Harper’s Weekly, October 6, 1888, page 746 (Editorial)

The Chinese government has rejected the new treaty. The treaty provided for the practical exclusion of Chinese laborers. They were not to be permitted to return unless they had here a lawful wife, child, or parent, property of value of $1000, or debt of like amount due and pending settlement. The amendments to the treaty proposed by the Senate were these:

To Article 1: "And the prohibition [of Chinese laborers] shall extend to the return of Chinese laborers who are not now in the United States, whether holding return certificates under existing laws or not."

To Article 2: "And no such Chinese laborer shall be permitted to enter the United States by land or sea without producing to the proper officer of the customs the return certificates herein required."

The correspondence published by the State Department shows that as early as January, 1887, the Chinese Government proposed to prohibit the emigration of Chinese laborers to this country, and to allow the return of those who had been here only in the case of those who had left here family or property, and then only under strict conditions. The Chinese minister, Chang Yen Hoon, in April, 1887, accepted the treaty and the Senate amendments, which he did not find incompatible with it.

Upon the recent rumor of rejection, the complete exclusion act was hurried through the House and passed by the Senate, despite the wise interposition of Mr. Sherman for decent delay to ascertain the facts. The essential amendment is this:

"It shall be unlawful for any Chinese laborer who shall at any time heretofore have been or who may now or hereafter be a resident within the United States, and who shall have departed or shall depart therefrom, and shall not have returned before the passage of this act, to return to the United States."

This provision practically abrogates existing treaty stipulations, and with any other power than China would lead probably to war. For there are now three or four steamers on the way from China with passengers who, when they sailed, were entitled under the treaty to land in this country, and who will be prevented from landing should the President sign the bill. The President will probably recommend such amendments as will allow reasonable warning, and also suitable indemnity for the outrages upon the Chinese at the far West. The passage of the exclusion act by Congress was a violation of existing treaty stipulations, and no self-respecting government could enter into further conventions with a state which showed no respect for treaty stipulations. The wisdom of the exclusion is undeniable, but the friendly disposition of China, and its declared purpose of prohibiting emigration and return except under stringent conditions, which would have checked effectually any serious increase of Chinese, should have prevented us from the hasty and discreditable action of the exclusion bill.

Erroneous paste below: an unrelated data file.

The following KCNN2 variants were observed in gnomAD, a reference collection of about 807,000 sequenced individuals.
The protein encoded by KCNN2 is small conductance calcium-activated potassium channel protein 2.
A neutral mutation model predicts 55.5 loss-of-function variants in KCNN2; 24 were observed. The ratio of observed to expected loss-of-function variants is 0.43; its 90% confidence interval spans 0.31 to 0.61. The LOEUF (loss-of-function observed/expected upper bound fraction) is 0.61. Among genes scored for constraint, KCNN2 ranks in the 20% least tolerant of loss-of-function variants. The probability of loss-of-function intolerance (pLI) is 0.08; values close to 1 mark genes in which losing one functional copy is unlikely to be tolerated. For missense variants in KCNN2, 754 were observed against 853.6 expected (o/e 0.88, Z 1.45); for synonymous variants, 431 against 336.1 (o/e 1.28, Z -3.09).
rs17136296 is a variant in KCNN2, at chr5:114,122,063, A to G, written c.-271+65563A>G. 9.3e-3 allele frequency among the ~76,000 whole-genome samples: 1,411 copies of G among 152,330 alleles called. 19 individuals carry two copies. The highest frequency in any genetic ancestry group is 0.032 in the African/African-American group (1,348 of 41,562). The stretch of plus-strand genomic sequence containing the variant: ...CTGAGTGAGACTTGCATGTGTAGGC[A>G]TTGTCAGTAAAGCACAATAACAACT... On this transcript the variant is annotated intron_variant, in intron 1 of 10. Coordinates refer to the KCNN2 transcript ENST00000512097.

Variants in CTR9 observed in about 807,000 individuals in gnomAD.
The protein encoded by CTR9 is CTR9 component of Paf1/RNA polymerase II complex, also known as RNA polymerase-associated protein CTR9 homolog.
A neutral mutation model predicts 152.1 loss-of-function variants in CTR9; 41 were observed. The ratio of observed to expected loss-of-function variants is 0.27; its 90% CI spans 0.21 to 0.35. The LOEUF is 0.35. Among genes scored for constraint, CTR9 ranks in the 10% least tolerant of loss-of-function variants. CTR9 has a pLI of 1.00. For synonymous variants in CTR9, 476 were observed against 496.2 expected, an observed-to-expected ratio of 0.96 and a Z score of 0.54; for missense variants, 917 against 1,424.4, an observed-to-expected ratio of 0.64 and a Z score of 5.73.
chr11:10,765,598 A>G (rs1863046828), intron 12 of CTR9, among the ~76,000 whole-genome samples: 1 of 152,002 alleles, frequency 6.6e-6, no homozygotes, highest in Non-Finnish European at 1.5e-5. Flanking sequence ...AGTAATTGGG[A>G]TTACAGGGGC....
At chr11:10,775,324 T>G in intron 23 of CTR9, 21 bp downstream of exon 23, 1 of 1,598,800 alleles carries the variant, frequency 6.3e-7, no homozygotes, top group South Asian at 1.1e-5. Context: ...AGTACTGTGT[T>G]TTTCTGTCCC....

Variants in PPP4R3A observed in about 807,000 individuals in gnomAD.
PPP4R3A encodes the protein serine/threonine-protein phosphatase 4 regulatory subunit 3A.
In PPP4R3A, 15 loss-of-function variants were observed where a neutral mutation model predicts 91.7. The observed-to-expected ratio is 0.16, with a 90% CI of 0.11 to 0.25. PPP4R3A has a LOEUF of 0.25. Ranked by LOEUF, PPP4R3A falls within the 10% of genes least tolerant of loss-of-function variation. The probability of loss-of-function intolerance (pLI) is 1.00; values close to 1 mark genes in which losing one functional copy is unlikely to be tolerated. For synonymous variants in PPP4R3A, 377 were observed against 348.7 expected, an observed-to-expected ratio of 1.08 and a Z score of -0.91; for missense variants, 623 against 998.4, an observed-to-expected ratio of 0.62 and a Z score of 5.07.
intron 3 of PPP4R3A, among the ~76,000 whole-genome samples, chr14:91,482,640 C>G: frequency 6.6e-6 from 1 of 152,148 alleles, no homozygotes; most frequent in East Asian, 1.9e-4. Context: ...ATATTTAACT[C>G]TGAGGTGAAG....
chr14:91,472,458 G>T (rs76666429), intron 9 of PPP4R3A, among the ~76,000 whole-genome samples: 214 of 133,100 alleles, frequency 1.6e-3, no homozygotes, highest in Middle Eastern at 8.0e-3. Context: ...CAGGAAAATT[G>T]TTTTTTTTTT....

That bill is an offence which we owe to the Presidential election. It is a bid for the vote of the Pacific coast, and it shows the grave misfortune of important legislation upon foreign relations during a Presidential campaign. The Chinese question is but one aspect of the whole subject of immigration. The reasons for regulating it carefully are of many kinds, moral, political, and social. The exclusion treaty and the foreign contract labor bill both aim to prevent the lowering of the standard of living among the masses of the American people, and to check the growth of alien political sentiment and tendency. The United States can remain a refuge for the oppressed only by maintaining the safeguards of liberty, and that can be done only by a wise regulation of immigration. The condition in which the action of Congress leaves our Chinese relations is, however, not final. Those relations now rest upon the Burlingame treaty, which permits our presence in China only at the pleasure of the government, and it remains to be seen to what point the reciprocity of unfriendly action may be carried.
Harper’s Weekly, October 6, 1888, page 746 (Editorial)

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